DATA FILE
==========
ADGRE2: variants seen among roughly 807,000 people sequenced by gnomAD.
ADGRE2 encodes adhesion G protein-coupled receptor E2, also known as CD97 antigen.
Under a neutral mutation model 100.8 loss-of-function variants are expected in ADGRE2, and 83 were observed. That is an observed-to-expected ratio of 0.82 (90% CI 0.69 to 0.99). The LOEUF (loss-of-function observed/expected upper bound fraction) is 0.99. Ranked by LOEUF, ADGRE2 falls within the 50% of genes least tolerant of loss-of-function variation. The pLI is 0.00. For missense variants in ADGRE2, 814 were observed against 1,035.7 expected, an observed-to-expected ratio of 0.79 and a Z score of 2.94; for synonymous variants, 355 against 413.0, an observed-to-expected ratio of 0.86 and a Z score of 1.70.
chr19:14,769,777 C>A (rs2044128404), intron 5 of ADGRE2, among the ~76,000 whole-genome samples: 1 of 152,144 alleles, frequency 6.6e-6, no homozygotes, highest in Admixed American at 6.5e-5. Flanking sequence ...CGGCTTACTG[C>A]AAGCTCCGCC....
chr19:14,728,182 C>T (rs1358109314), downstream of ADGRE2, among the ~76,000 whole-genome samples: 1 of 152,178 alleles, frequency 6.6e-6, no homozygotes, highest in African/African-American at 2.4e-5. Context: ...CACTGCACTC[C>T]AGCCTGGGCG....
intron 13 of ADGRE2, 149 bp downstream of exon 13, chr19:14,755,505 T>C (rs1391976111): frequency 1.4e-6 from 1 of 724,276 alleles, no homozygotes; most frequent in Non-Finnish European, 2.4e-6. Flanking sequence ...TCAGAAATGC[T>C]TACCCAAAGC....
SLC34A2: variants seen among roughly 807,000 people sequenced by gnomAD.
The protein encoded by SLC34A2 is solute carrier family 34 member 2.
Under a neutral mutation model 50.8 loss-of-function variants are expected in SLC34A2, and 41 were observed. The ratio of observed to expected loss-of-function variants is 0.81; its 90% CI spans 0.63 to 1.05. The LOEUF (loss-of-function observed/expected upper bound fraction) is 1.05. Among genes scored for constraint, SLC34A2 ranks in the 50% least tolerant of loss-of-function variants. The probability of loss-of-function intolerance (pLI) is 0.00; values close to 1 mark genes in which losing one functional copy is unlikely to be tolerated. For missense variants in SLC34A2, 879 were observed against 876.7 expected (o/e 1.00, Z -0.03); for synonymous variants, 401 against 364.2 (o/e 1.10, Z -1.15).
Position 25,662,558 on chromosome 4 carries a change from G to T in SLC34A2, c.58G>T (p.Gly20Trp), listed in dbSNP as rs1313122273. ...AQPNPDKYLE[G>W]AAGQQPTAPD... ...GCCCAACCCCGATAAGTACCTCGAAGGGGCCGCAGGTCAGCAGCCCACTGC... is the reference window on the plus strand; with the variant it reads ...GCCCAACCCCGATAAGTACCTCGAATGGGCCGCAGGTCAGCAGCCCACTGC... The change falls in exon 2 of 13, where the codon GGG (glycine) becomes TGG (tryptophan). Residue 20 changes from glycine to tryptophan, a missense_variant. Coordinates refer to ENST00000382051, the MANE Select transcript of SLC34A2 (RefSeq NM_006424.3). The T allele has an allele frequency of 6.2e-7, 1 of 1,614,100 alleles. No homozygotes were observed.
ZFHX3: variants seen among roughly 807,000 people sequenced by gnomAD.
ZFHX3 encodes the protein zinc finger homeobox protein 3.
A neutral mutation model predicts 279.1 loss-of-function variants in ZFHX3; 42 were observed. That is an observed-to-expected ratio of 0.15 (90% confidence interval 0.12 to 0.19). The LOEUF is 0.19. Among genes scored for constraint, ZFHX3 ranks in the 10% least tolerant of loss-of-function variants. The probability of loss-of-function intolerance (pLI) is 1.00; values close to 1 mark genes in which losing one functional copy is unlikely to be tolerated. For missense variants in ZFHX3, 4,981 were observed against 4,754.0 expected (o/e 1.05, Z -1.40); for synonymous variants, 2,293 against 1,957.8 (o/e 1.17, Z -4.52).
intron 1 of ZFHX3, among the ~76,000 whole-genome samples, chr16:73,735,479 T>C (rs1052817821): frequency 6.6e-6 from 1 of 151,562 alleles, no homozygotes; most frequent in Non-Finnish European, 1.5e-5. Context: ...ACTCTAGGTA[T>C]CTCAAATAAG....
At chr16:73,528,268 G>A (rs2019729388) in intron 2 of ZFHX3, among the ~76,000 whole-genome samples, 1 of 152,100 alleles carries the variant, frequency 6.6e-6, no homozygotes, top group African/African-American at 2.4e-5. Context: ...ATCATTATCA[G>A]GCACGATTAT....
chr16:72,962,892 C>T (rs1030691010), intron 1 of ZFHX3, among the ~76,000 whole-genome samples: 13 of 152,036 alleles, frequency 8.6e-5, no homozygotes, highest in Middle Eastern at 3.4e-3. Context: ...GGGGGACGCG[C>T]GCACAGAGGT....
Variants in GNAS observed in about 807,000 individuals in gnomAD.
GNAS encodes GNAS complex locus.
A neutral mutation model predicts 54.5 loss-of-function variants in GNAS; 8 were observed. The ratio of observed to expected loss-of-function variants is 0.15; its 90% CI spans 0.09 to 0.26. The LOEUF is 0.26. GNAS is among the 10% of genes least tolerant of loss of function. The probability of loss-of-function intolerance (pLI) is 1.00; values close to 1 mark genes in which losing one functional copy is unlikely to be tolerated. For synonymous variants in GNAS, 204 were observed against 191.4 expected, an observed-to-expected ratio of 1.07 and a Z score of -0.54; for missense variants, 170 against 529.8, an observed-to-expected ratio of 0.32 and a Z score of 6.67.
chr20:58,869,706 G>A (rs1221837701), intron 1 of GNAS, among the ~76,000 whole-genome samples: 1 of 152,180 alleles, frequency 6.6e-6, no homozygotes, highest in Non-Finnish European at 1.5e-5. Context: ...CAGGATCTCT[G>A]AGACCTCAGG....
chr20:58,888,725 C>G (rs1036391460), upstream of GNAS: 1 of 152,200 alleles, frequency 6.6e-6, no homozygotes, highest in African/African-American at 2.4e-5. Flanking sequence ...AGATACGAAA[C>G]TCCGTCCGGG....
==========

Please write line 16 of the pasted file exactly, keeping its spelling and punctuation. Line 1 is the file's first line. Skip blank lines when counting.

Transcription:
chr16:72,962,892 C>T (rs1030691010), intron 1 of ZFHX3, among the ~76,000 whole-genome samples: 13 of 152,036 alleles, frequency 8.6e-5, no homozygotes, highest in Middle Eastern at 3.4e-3. Context: ...GGGGGACGCG[C>T]GCACAGAGGT....